Adrian Noble: Shakespeare's most ambitious Noble

By James Morrison
Monday 14 April 2014 02:45
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Adrian Noble is in a hurry. Ten minutes into our allotted interview time he rushes breathlessly into the room, sizzling with manic intensity and the air of a man who is a past master at making up for lost time.

He wants me to know that he has fitted me in between rehearsals for the Royal Shakespeare Company's latest production. We have 20 minutes available before the cast of Alice in Wonderland return from their afternoon tea break, and the white rabbit's watch is ticking.

A decade into his stewardship of the RSC, Noble is nearing the end of his most tempestuous year to date. First came the mauling he received from the Arts Council over his supposed over-emphasis on works by playwrights other than the Bard. Then came the furore surrounding the RSC's decision to shed more than 100 technical jobs by reorganising its presence in Stratford-upon-Avon, and severing the links with its London home at the Barbican in favour of the bright lights of the West End.

Now, wearied by months of skirmishes, one could forgive him for wanting to retreat to the security of his castle like a battle-scarred, latter-day Macbeth.

But this being Adrian Noble, perhaps the most ambitious artistic director in the history of the RSC, there is little chance of that. Instead, he has just embarked on his most testing challenge yet: the task of convincing the establishment that the future of the RSC will be best served by knocking down its historic base in Stratford and starting all over again. After months of backstage consultation, Noble finally unveiled his audacious £100m blueprint for a 14-acre "riverside village" last week. Central to this masterplan is the demolition of the Royal Shakespeare Theatre, its bulky Grade II* listed home, built in 1932, and its replacement with an all-singing, all-dancing, 1,050-seat, 21st- century playhouse.

While English Heritage has given the scheme its qualified support, Stratford-on-Avon District Council remains to be convinced, and the 20th Century Society, one of the agencies which has to be consulted about the re-development, has already vowed to fight it to the end. Noble remains steadfast.

"It's been part of our lives for so long, we aren't getting rid of it lightly," explains the 51-year-old father-of-two. "We've simply undertaken a scientific analysis of what we need to achieve in the future, and we've come to the conclusion we can't achieve it either by gutting the theatre or rebuilding specifically in the auditorium section."

Yet the scheme's opponents, he says, "are effectively saying that we have to carry on working in a theatre that has long been deemed to be unsatisfactory".

He adds defiantly: "We are a working theatre ... and I believe we have the obligation to deliver fantastic productions that the country can be proud of when visitors from all over the world come to see the home of William Shakespeare."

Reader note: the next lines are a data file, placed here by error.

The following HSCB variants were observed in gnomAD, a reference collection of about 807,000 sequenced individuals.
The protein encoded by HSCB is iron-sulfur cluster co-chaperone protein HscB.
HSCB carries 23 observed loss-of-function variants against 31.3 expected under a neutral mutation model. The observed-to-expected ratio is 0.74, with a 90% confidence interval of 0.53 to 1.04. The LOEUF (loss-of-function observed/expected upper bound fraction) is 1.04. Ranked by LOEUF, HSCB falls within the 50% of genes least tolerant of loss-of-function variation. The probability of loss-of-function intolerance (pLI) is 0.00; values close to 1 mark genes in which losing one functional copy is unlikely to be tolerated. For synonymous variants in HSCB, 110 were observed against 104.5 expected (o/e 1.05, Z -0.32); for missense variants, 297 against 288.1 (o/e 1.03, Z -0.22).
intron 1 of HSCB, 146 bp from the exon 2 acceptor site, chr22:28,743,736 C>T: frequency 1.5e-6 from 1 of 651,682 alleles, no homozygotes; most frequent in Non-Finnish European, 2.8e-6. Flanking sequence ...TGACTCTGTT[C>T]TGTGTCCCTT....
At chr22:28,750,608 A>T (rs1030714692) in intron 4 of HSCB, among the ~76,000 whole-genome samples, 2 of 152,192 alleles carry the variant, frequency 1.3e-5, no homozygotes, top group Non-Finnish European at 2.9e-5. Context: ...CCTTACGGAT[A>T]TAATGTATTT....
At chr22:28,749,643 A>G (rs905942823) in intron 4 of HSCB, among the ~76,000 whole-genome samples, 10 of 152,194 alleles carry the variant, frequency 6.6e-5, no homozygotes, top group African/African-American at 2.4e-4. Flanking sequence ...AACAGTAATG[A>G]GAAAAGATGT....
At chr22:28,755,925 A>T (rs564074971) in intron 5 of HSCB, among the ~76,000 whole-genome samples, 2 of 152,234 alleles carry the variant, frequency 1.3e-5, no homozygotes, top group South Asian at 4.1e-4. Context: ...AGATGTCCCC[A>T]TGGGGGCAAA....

One of the most hotly debated issues of the past six months has been Noble's decision to introduce greater contractual flexibility so as to attract actors whose busy schedules have, in the past, precluded them from signing-up for the RSC's traditional two-year seasons. Announced as it was alongside news that both Ralph Fiennes and Kenneth Branagh had committed themselves to forthcoming productions, the change was viewed by some as proof positive of a creeping commercialisation within the 40-year-old company – a charge Noble strongly rebuts. Yet rumours persist, for example, that he wants three-times Oscar nominee Morgan Freeman to take the lead in the RSC's much-heralded Othello in collaboration with New York's Lincoln Centre.

"Fundamentally, we've a dedication to British artists," he says, but "we are starting to live in a more international age in which we can constructively develop relationships with people abroad. I think the industry should embrace that.

"The whole point of the RSC is that it makes itself accessible to people at every point in their career, including actors at the top of their professions."

To emphasise the spirit of internationalism, Noble reels off a suitably cosmopolitan list of coming attractions. Among these is next year's adaptation of Salman Rushdie's Midnight's Children, to be performed by a predominantly Asian cast in repertory with a Shakespeare play, as yet unspecified. The production will start out in Stratford, before touring England, followed by other countries including, it is hoped, India, Pakistan and America.

There are also plans for an ensemble to visit London's Roundhouse with three late Shakespeare plays, The Tempest, A Winter's Tale and the seldom-performed Pericles, directed by Noble himself.

Asked if he has recently been tempted to call it a day, after 10 colourful and turbulent years that have seen him delight, confound and occasionally infuriate his public, Noble replies with the energetic and dismissive air of a man who feels his job is far from done: "No. I've a few more things to do before I can think about that."

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